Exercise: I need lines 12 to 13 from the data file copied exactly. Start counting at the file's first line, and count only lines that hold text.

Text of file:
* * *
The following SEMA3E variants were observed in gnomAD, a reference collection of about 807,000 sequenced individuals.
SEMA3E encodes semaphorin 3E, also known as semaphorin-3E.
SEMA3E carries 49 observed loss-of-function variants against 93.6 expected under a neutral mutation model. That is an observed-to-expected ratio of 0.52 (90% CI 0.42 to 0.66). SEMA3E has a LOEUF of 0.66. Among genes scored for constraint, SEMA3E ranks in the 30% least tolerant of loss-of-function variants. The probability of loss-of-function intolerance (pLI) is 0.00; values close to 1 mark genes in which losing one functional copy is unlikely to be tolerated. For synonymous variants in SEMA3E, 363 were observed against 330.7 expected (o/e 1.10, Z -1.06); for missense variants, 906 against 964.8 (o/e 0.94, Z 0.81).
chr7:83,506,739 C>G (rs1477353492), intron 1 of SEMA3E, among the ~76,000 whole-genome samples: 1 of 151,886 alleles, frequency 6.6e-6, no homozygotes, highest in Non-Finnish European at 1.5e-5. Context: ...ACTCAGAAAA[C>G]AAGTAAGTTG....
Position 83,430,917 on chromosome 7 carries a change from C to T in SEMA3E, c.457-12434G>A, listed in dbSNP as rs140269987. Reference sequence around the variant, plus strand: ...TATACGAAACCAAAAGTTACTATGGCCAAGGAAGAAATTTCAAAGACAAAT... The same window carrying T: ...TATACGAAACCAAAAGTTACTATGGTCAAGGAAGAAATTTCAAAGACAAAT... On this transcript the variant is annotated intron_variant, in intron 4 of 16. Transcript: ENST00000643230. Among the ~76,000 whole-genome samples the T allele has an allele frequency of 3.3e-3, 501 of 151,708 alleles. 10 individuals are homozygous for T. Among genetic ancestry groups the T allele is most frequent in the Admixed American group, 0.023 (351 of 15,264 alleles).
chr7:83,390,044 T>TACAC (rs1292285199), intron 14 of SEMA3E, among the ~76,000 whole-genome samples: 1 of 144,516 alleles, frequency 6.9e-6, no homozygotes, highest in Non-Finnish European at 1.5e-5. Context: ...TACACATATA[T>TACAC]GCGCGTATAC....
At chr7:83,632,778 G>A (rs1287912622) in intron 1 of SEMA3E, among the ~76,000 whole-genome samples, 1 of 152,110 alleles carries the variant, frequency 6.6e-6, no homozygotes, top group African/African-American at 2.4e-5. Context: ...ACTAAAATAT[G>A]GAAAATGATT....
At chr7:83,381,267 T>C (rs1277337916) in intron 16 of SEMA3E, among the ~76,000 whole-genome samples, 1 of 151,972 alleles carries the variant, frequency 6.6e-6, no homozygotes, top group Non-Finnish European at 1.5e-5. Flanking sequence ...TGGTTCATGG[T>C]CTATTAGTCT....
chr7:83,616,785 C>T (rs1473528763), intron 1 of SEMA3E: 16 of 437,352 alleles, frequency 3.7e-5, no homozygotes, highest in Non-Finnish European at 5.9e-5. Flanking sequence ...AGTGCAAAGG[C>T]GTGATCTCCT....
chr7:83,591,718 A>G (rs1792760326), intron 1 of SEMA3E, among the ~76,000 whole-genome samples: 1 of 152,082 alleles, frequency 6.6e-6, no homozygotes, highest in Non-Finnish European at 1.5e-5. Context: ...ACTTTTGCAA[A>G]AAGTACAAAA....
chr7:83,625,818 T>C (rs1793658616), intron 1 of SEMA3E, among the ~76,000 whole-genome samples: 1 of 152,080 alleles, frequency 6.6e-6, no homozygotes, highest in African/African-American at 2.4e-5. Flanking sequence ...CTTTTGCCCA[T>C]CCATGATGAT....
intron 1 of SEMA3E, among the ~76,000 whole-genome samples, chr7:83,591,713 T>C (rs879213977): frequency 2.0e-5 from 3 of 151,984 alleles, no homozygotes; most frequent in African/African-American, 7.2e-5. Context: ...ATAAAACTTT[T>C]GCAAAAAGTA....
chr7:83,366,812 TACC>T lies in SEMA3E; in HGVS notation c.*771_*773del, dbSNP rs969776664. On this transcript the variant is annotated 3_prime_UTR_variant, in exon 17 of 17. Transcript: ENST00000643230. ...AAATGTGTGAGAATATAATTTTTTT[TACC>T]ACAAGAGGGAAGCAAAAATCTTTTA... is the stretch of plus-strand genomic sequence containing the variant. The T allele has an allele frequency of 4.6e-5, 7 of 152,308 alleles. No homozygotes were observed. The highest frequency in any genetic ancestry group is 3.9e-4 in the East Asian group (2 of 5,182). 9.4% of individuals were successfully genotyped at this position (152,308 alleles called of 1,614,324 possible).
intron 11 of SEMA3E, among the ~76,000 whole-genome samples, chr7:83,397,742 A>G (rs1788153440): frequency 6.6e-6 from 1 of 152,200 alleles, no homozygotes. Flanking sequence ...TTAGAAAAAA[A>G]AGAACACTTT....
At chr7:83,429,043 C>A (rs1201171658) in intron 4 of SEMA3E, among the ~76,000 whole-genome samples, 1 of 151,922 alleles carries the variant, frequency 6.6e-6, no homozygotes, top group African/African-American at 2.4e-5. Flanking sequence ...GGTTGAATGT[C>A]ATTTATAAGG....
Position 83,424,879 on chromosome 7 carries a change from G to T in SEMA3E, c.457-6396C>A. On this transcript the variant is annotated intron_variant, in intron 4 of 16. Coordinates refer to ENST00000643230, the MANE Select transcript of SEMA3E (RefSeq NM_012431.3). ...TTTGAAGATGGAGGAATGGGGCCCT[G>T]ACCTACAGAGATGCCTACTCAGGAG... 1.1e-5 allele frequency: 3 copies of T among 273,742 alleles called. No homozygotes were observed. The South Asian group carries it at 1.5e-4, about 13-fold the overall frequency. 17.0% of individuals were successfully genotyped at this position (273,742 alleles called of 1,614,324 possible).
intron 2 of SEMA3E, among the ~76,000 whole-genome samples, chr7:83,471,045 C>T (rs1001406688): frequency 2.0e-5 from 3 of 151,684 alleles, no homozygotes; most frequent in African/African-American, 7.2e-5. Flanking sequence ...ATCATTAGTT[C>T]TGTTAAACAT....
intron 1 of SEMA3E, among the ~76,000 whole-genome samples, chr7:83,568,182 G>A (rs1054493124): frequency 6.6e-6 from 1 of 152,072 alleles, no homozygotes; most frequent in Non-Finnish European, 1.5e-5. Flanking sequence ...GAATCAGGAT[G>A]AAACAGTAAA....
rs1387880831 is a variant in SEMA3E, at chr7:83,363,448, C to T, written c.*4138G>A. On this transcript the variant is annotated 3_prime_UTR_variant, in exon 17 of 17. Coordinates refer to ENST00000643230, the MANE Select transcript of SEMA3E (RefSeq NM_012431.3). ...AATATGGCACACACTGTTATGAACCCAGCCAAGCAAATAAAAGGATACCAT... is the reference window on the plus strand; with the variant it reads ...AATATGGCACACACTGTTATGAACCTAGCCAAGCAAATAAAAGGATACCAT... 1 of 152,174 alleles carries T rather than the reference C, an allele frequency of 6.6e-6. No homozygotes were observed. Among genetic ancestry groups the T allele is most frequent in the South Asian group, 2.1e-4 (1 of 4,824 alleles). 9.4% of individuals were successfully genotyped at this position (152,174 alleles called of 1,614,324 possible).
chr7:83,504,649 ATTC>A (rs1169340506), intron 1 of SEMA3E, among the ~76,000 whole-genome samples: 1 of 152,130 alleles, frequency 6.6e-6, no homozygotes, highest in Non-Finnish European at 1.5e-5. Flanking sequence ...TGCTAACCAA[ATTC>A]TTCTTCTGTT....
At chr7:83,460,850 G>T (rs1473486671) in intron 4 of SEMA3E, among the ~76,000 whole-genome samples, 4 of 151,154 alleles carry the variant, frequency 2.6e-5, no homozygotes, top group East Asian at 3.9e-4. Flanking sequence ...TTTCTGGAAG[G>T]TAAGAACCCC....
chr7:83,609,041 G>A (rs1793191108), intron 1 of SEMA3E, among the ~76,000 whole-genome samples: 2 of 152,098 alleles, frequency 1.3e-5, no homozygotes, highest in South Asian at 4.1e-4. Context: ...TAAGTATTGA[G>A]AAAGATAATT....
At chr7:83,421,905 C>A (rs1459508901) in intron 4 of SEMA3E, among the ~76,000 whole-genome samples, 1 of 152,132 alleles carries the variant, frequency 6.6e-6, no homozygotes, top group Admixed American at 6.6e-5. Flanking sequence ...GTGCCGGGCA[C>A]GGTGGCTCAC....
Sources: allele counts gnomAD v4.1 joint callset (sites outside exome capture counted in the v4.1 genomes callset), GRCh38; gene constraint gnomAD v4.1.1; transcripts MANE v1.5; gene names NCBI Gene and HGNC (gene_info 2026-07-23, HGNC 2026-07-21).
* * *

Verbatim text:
intron 1 of SEMA3E, among the ~76,000 whole-genome samples, chr7:83,591,713 T>C (rs879213977): frequency 2.0e-5 from 3 of 151,984 alleles, no homozygotes; most frequent in African/African-American, 7.2e-5. Context: ...ATAAAACTTT[T>C]GCAAAAAGTA....
chr7:83,366,812 TACC>T lies in SEMA3E; in HGVS notation c.*771_*773del, dbSNP rs969776664. On this transcript the variant is annotated 3_prime_UTR_variant, in exon 17 of 17. Transcript: ENST00000643230. ...AAATGTGTGAGAATATAATTTTTTT[TACC>T]ACAAGAGGGAAGCAAAAATCTTTTA... is the stretch of plus-strand genomic sequence containing the variant. The T allele has an allele frequency of 4.6e-5, 7 of 152,308 alleles. No homozygotes were observed. The highest frequency in any genetic ancestry group is 3.9e-4 in the East Asian group (2 of 5,182). 9.4% of individuals were successfully genotyped at this position (152,308 alleles called of 1,614,324 possible).